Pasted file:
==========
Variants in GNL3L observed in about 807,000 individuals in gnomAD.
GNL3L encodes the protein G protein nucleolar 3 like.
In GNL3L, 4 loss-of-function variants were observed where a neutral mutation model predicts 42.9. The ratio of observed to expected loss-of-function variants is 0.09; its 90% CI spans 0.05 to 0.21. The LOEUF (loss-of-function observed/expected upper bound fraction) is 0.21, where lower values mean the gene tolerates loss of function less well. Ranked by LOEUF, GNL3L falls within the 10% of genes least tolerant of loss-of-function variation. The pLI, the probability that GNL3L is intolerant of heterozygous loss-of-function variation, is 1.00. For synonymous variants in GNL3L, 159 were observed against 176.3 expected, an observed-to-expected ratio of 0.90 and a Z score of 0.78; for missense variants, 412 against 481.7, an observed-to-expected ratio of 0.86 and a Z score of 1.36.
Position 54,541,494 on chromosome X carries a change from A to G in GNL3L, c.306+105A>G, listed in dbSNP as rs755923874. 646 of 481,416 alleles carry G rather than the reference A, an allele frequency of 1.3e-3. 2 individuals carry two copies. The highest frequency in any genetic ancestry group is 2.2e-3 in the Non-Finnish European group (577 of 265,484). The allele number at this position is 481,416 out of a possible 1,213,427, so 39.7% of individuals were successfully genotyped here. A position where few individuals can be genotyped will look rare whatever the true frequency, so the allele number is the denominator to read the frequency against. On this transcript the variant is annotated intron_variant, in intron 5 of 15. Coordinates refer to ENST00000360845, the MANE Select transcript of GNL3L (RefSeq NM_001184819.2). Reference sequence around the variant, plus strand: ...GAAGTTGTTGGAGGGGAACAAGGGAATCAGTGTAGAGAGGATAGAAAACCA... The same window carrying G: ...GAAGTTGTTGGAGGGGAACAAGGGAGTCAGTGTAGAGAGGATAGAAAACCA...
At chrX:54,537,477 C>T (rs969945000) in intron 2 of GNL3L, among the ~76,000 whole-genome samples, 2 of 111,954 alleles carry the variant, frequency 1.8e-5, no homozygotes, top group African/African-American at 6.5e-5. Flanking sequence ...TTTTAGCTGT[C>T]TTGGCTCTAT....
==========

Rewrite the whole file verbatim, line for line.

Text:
Variants in GNL3L observed in about 807,000 individuals in gnomAD.
GNL3L encodes the protein G protein nucleolar 3 like.
In GNL3L, 4 loss-of-function variants were observed where a neutral mutation model predicts 42.9. The ratio of observed to expected loss-of-function variants is 0.09; its 90% CI spans 0.05 to 0.21. The LOEUF (loss-of-function observed/expected upper bound fraction) is 0.21, where lower values mean the gene tolerates loss of function less well. Ranked by LOEUF, GNL3L falls within the 10% of genes least tolerant of loss-of-function variation. The pLI, the probability that GNL3L is intolerant of heterozygous loss-of-function variation, is 1.00. For synonymous variants in GNL3L, 159 were observed against 176.3 expected, an observed-to-expected ratio of 0.90 and a Z score of 0.78; for missense variants, 412 against 481.7, an observed-to-expected ratio of 0.86 and a Z score of 1.36.
Position 54,541,494 on chromosome X carries a change from A to G in GNL3L, c.306+105A>G, listed in dbSNP as rs755923874. 646 of 481,416 alleles carry G rather than the reference A, an allele frequency of 1.3e-3. 2 individuals carry two copies. The highest frequency in any genetic ancestry group is 2.2e-3 in the Non-Finnish European group (577 of 265,484). The allele number at this position is 481,416 out of a possible 1,213,427, so 39.7% of individuals were successfully genotyped here. A position where few individuals can be genotyped will look rare whatever the true frequency, so the allele number is the denominator to read the frequency against. On this transcript the variant is annotated intron_variant, in intron 5 of 15. Coordinates refer to ENST00000360845, the MANE Select transcript of GNL3L (RefSeq NM_001184819.2). Reference sequence around the variant, plus strand: ...GAAGTTGTTGGAGGGGAACAAGGGAATCAGTGTAGAGAGGATAGAAAACCA... The same window carrying G: ...GAAGTTGTTGGAGGGGAACAAGGGAGTCAGTGTAGAGAGGATAGAAAACCA...
At chrX:54,537,477 C>T (rs969945000) in intron 2 of GNL3L, among the ~76,000 whole-genome samples, 2 of 111,954 alleles carry the variant, frequency 1.8e-5, no homozygotes, top group African/African-American at 6.5e-5. Flanking sequence ...TTTTAGCTGT[C>T]TTGGCTCTAT....